How Advertisers Manipulate Us into Thinking their Food is Delicious

Ever see a billboard while driving on the freeway and automatically start salivating over the tender, juicy freshness of whatever food is plastered on it? Well, you’ve got a bummer coming your way.

The foods advertised on ads, commercials, and billboards are hardly ever an accurate portrayal of how food you actually get.

Here are a few ways advertisers trick your eyes when creating mouthwatering ads:

  1. Glue: Milk will mostly likely make cereal soggy in a matter of a few quick minutes. To avoid this, white glue has been used as an alternative. Yogurt and shampoo have also been said to create the illusion of milk.
  2. Tampons: When a hot food item is portrayed, the food should look steaming as if it was fresh off the grill. To get this desired affect without recooking the food multiple times, stagers microwave a moist tampon, sponge or cotton ball instead but hide these items in the shot of the ad.
  3. Cardboard & Toothpicks: Fast food burgers are an exceptional let-down in real life. Our burgers never come out looking like the ones in the photos that usually have sheets of cardboard and little toothpicks stuck in between each condiment to keep everything plump and stable.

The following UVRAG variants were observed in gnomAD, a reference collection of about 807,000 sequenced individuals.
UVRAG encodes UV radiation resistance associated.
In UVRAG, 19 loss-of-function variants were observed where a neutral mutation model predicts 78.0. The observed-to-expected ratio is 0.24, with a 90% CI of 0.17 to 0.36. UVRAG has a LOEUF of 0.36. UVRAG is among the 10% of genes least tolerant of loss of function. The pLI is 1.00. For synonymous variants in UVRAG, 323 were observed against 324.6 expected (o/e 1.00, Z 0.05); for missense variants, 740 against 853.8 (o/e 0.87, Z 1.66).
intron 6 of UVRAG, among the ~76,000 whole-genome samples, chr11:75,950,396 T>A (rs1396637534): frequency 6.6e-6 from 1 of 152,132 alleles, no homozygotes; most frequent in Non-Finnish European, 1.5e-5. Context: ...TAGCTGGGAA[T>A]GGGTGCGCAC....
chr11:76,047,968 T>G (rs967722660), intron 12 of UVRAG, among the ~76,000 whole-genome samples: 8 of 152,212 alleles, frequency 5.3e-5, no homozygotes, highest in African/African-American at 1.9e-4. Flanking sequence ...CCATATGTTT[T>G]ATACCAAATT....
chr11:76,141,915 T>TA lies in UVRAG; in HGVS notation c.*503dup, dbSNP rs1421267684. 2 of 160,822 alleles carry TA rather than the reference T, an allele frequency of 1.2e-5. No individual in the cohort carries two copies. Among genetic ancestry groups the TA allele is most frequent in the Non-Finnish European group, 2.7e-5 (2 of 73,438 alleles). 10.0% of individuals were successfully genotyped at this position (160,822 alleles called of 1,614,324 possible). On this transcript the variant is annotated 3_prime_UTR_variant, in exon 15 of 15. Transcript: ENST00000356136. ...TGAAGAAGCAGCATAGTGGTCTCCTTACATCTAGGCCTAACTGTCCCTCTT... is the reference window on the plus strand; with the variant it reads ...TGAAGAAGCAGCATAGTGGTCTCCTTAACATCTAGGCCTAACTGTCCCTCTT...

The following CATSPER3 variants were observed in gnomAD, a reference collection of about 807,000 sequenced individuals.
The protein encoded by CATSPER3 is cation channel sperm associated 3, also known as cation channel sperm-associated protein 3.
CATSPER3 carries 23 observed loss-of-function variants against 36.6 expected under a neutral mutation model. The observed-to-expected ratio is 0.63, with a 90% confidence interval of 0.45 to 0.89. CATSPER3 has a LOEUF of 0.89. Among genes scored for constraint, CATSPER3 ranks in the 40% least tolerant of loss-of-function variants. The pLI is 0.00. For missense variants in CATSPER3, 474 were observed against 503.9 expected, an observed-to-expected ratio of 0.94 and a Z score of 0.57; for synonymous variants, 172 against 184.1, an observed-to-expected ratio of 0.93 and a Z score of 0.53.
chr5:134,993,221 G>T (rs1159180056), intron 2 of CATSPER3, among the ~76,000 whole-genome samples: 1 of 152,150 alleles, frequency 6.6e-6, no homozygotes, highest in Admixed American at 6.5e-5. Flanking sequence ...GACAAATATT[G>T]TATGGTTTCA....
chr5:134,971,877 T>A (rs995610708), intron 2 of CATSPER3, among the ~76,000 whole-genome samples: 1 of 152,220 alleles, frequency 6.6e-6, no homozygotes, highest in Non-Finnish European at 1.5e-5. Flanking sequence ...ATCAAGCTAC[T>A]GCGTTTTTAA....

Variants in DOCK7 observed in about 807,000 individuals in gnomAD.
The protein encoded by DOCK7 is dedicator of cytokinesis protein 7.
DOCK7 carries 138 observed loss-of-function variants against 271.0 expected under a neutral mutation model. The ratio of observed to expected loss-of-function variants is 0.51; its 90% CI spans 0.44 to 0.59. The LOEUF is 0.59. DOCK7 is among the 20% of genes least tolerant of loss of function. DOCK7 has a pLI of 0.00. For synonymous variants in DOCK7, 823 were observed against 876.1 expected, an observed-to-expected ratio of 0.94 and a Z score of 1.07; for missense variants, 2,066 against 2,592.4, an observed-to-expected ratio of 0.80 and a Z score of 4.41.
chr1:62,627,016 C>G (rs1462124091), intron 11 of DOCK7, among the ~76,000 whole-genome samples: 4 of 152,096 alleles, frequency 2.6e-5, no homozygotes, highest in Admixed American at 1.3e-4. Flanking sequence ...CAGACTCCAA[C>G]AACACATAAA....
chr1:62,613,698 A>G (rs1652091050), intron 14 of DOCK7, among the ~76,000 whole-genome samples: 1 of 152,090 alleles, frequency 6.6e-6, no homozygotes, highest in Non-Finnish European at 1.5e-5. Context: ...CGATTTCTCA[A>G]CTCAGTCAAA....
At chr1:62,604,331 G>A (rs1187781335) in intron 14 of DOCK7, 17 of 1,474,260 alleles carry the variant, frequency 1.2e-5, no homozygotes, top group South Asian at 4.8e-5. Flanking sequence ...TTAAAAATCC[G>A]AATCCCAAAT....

4. Motor Oil: Maple syrup has a thick consistency that instantly gets soaked up by a pancake. So, advertisers fix that by spraying the pancakes with some type of fabric protector and by using motor oil in place of the syrup.
  5. Soap bubbles: Soda wouldn’t be as satisfying to look at without its abundant amount of carbonation bubbles. To get the desired look, dish soap or antacid tablets are used to get the food to sparkle and fizz.
  6. Mashed Potatoes: This easy whipped dish is a commonly used replacement for many different foods. It is injected into meat to plump it up, or dyed a different color to look like ice cream. Sometimes a pie will be filled with it so the contents of the slice won’t fall out when cut.
  7. Tweezers: To make every dish look perfect, there is probably someone behind the camera fixing up the little details of foods. Down to the number of sesame seeds on a hamburger bun or the curvature of each noodle in a pasta dish, tweezers are used in assembling and staging food for perfection.

Maybe now you won’t be as fooled or disappointed when your burger ends up coming out like this:

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How Advertisers Manipulate Us

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